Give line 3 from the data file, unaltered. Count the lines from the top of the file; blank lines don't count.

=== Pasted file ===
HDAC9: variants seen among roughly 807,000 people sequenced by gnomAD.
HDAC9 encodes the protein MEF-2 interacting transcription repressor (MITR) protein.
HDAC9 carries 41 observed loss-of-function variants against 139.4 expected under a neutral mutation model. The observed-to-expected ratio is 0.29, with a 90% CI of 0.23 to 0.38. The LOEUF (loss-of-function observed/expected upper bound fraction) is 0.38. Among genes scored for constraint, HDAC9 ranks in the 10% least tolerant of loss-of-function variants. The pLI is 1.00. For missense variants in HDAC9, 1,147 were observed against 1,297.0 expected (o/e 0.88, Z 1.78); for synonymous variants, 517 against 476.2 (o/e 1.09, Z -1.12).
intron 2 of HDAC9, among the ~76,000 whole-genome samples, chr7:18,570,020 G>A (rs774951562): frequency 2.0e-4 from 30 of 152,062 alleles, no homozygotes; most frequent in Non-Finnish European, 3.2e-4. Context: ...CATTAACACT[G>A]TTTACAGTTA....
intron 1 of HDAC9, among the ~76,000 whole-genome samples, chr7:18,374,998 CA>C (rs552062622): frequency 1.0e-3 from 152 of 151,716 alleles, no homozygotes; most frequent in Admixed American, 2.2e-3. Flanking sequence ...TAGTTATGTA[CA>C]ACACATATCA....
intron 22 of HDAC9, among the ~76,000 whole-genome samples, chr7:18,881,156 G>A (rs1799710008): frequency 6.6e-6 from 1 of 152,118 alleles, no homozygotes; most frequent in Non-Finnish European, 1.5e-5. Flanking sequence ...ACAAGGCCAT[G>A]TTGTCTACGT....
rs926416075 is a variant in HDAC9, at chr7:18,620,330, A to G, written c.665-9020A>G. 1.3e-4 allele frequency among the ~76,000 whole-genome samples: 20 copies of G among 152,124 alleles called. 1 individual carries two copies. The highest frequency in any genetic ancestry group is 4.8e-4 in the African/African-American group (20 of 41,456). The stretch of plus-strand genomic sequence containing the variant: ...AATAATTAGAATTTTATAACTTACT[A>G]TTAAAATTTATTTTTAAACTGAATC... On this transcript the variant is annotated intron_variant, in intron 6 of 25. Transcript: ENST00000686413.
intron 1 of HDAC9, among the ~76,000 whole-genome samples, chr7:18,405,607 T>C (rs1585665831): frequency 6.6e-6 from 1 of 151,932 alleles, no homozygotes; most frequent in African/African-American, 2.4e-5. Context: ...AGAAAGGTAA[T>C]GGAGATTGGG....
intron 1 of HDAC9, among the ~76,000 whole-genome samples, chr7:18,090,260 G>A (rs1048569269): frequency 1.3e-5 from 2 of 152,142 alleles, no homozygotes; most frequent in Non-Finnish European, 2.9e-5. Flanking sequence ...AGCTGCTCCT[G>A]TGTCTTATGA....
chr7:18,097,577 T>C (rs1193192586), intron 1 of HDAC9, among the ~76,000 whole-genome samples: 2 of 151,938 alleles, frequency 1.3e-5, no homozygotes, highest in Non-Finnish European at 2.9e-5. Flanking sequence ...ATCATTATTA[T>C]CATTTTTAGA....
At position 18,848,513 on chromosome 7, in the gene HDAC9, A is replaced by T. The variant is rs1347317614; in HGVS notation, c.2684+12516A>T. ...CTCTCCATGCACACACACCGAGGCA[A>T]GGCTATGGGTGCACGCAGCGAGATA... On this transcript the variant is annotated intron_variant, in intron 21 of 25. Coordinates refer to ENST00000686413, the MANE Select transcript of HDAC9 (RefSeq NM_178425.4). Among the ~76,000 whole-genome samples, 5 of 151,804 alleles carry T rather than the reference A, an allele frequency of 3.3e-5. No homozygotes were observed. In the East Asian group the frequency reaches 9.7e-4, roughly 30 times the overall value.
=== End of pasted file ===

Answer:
HDAC9 carries 41 observed loss-of-function variants against 139.4 expected under a neutral mutation model. The observed-to-expected ratio is 0.29, with a 90% CI of 0.23 to 0.38. The LOEUF (loss-of-function observed/expected upper bound fraction) is 0.38. Among genes scored for constraint, HDAC9 ranks in the 10% least tolerant of loss-of-function variants. The pLI is 1.00. For missense variants in HDAC9, 1,147 were observed against 1,297.0 expected (o/e 0.88, Z 1.78); for synonymous variants, 517 against 476.2 (o/e 1.09, Z -1.12).